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Spectrum Health Good to Go talks Mediterranean Diet

The Mediterranean Way diet is a 10-week program, where you learn how to make healthy, delicious whole foods.

GRAND RAPIDS, Mich. — All women experience menopause and the physical and mental changes that come with it. Did you know that these changes may also increase a woman’s risk for heart disease, diabetes and obesity? Low levels of estrogen that occur during menopause can be associated with insulin resistance and difficulty losing weight.

Irene Franowicz, dietitian and certified diabetes educator with Spectrum Health, who teaches the Eating the Mediterranean Way series and Jacquie Zlotnicki, who attended the series talk about how the diet changed her life.

Many women experiencing menopause report cravings for sugar and carbohydrates, making weight loss even more challenging. A Mediterranean diet can have many health benefits for pre-menopausal and menopausal women, according to evidence-based studies.

Eating a diet rich in fruits, vegetables, grains, beans, olive oil, nuts and fish has antioxidant and anti-inflammatory effects on the body and improves overall bone and muscle mass.

It has also been proven that eating a Mediterranean diet could prevent or even reverse metabolic syndrome — a cluster of risk factors for heart disease, high blood pressure and diabetes. 

Eating the Mediterranean Way is a 10-week program, where you learn how to make healthy, delicious whole foods that will bring your health and weight back to their prime.

It’s not a diet—it’s a lifestyle. You could lose ten pounds in ten weeks with Spectrum Health's personalized low-glycemic carbohydrate plan. Each week,  participants can sample different delicious dishes.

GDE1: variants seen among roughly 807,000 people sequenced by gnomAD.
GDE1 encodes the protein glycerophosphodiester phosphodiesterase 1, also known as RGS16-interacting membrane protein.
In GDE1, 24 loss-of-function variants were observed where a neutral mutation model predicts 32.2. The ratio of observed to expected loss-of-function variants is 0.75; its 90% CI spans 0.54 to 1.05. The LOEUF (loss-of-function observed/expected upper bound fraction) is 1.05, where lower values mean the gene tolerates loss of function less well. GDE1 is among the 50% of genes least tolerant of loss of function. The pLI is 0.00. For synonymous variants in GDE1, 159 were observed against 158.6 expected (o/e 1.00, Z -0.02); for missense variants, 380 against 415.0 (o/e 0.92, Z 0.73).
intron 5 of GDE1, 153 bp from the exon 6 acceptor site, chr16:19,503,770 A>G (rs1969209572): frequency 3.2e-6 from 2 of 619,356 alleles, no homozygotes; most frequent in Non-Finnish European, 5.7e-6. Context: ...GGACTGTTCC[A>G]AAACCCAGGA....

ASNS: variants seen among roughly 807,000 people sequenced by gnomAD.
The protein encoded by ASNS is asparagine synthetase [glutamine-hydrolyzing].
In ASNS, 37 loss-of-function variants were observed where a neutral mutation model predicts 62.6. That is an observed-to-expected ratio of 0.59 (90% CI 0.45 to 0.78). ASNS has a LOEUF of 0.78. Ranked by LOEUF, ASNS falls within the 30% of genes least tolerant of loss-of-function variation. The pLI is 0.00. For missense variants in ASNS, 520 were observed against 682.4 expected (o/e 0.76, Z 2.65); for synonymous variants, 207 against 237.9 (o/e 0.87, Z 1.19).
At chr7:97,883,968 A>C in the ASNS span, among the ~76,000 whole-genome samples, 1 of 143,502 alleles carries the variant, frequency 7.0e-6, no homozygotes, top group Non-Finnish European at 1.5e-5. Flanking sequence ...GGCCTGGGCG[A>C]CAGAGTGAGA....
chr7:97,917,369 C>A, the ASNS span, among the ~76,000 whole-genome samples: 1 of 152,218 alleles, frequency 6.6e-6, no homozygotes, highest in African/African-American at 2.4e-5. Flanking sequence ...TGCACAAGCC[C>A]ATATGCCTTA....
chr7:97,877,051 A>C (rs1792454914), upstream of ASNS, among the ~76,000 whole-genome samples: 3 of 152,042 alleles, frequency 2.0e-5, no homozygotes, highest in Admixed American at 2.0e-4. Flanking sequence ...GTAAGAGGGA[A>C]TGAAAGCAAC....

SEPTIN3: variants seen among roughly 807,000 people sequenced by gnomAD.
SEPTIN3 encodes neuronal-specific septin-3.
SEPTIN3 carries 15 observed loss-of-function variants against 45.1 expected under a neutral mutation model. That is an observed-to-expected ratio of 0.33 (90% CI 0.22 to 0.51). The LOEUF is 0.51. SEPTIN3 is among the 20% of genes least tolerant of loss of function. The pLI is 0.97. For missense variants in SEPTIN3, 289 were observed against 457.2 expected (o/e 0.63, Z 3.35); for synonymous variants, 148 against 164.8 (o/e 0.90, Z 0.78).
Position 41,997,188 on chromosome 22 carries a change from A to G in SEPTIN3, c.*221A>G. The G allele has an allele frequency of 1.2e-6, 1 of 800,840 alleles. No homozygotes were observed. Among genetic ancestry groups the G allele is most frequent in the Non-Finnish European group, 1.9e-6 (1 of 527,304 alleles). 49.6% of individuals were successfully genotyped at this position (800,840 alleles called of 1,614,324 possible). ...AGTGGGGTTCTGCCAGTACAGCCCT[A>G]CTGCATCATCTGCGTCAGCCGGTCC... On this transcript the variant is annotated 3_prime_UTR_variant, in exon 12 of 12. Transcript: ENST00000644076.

The low-glycemic carbohydrate plan consists primarily of 40 percent total calories from carbohydrates, 40 percent from fats and 20 percent from protein. A great example is the Mediterranean diet. The low-glycemic diet is the most effective way to burn calories and keep your energy consumption high, even after you’ve lost weight.

It’s also a great way to curb your cravings for sweet foods. Think brown, not white. Eat more beans and lentils as snacks, explore the infinite varieties of hummus: lentil, roasted red pepper, beet, and hummus with blue cheese and chopped walnuts. 

Skip the white bread, choose whole grain instead, skip the white rice, choose the brown or quinoa instead. Liven it up by sauteing some onions, garlic, celery, red peppers and carrots in olive oil, then add spices like cumin and paprika. For more flavor add a chicken or vegetarian mushroom stock instead of water.

Get rid of white potatoes and use sweet potatoes—they’re higher in fiber. If you love chips, try smoked almonds instead. If it’s salt you crave, go for popcorn with olive oil and sea salt.

Zlotnicki attended the Eating the Mediterranean Way series because she was experiencing midlife health struggles. 

"I wanted a lifestyle change and a path to better health, and I knew that I needed a reputable nutritionist  who would understand what I was going through and provide the guidance," said Zlotnicki. "Diet and exercise were the key to gaining overall better health."

She gained the skills, knowledge, courage and support to make immediate changes and benefited quite rapidly and pushed herself to go beyond the minimum suggestions, and was able to safely lose over 30 pounds in 14 weeks and she is still "living and losing".   

Zlotnicki eats completely "clean and organic" and "super foods" are a large part of her daily menu.

Spectrum Health next 10-week series will begin on April 30, but Franowics said they offer the session three times per year. 

The first session is two hours because and Franowics covers low-glycemic carbohydrates in-depth but all subsequent sessions are an hour and a half. 

A Mediterranean diet can specifically:

  • Improve blood sugar control in type 2 diabetes
  • Reduce the risk of type 2 diabetes by improving insulin sensitivity and the function of cells in the pancreas
  • Reduce the risk of coronary heart disease by improving cholesterol levels and the markers of inflammation

Eating the Mediterranean Way

Spectrum Health Butterworth

100 Michigan Street NE

Grand Rapids, MI 49503

Register at spectrumhealth.org

Call 616.774.7779 for more information  

Contact Irene Franowicz, RD, CDE

Dietitian and Certified Diabetes Educator